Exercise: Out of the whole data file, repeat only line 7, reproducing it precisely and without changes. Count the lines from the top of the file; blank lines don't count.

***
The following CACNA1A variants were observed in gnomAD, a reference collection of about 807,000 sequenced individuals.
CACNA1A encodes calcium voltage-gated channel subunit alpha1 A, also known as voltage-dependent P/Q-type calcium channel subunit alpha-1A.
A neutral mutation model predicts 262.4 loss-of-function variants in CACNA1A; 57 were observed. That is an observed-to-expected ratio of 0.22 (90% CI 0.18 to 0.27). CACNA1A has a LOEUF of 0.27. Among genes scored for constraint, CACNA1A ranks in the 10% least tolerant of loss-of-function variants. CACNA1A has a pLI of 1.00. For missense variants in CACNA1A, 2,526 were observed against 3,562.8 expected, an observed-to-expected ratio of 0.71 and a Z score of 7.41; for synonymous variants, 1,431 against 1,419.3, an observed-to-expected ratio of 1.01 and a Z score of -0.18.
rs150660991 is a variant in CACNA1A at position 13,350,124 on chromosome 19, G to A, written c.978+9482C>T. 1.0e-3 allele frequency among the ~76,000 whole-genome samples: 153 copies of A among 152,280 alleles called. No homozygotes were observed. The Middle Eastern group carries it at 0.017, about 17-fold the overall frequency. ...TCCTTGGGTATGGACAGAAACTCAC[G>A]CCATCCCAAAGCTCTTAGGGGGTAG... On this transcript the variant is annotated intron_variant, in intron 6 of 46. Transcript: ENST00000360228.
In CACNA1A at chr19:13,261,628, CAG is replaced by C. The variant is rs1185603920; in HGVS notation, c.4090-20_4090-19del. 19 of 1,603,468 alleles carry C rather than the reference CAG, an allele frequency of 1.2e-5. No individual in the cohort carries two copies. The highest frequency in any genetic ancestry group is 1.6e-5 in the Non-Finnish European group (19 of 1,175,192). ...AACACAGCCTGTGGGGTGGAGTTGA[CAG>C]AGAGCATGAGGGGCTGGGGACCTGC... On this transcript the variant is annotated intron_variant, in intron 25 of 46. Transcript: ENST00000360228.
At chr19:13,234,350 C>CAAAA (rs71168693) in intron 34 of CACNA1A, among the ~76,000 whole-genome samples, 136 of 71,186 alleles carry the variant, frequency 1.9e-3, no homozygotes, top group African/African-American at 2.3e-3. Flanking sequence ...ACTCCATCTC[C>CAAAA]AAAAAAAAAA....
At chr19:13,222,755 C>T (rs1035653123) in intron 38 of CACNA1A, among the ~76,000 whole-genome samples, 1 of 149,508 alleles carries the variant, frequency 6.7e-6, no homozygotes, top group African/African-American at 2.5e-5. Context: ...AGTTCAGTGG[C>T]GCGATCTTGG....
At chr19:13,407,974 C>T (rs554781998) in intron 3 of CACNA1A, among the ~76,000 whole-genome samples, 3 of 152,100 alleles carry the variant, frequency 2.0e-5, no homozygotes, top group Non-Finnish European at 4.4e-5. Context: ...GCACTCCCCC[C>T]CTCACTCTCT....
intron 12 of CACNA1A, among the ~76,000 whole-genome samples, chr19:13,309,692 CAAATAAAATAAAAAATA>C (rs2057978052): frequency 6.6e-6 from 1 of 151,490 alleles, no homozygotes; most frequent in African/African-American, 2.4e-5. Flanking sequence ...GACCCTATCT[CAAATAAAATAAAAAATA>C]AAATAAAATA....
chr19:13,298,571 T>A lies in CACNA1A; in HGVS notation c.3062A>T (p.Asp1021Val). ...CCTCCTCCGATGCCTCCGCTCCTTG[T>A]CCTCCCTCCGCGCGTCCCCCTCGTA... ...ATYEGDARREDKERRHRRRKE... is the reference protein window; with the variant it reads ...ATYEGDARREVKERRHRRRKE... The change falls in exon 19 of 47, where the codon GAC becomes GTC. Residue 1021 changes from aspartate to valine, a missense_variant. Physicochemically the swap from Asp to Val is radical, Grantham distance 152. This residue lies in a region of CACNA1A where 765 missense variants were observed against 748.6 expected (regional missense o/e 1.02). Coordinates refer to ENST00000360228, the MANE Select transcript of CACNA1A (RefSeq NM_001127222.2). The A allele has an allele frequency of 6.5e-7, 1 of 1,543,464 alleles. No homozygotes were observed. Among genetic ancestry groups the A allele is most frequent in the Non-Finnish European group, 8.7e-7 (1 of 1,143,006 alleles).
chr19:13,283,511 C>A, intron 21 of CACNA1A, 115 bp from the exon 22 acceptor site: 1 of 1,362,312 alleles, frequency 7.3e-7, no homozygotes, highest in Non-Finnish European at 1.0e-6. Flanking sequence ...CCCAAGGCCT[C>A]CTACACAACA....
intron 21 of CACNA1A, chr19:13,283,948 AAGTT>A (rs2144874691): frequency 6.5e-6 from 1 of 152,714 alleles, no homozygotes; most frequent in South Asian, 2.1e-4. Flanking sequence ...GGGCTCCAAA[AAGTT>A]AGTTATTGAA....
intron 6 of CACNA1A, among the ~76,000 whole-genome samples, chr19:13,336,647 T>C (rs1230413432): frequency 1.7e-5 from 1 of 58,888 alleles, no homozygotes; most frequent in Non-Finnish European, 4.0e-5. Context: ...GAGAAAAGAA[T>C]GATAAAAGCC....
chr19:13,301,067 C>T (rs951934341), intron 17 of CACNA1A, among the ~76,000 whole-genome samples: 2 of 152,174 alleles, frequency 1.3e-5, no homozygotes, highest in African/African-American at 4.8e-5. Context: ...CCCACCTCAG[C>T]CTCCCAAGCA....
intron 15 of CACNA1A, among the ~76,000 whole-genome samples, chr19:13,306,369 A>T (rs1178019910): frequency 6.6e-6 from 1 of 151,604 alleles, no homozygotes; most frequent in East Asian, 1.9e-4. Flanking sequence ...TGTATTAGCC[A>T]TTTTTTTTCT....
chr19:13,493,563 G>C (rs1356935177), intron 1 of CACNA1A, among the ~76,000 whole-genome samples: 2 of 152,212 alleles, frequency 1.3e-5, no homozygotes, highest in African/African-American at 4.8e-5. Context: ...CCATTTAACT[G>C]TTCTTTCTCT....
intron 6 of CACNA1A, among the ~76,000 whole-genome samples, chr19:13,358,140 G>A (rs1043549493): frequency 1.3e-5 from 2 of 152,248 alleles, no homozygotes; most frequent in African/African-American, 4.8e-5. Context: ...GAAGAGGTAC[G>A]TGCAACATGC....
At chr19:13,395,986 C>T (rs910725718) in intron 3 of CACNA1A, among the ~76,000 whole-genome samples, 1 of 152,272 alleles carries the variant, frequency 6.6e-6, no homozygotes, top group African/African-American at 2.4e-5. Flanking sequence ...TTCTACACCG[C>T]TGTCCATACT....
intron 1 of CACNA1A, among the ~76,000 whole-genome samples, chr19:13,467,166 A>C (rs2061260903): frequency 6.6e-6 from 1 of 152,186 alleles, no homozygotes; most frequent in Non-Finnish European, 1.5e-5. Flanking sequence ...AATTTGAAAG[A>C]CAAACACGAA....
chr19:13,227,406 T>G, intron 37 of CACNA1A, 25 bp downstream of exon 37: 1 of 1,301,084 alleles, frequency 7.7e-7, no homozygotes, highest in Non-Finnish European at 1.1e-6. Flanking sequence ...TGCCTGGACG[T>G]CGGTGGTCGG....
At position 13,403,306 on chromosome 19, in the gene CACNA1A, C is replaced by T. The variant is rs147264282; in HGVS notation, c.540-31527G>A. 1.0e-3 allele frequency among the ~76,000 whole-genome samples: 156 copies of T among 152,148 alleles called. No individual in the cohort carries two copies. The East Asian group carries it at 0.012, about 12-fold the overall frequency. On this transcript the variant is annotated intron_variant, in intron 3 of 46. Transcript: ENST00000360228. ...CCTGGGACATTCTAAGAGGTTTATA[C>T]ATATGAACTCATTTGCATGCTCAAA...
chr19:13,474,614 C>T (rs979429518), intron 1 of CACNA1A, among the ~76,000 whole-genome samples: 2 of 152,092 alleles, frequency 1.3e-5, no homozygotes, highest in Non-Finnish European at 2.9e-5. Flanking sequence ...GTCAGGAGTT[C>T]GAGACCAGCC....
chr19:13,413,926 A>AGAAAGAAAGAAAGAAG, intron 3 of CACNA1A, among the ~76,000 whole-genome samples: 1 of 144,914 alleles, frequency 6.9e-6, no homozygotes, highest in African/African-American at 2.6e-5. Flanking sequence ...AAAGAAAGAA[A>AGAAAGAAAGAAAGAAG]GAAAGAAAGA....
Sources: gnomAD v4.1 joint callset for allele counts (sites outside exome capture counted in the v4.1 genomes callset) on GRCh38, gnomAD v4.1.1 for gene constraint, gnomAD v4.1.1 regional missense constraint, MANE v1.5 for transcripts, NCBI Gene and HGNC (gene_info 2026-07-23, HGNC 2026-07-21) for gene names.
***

At chr19:13,222,755 C>T (rs1035653123) in intron 38 of CACNA1A, among the ~76,000 whole-genome samples, 1 of 149,508 alleles carries the variant, frequency 6.7e-6, no homozygotes, top group African/African-American at 2.5e-5. Context: ...AGTTCAGTGG[C>T]GCGATCTTGG....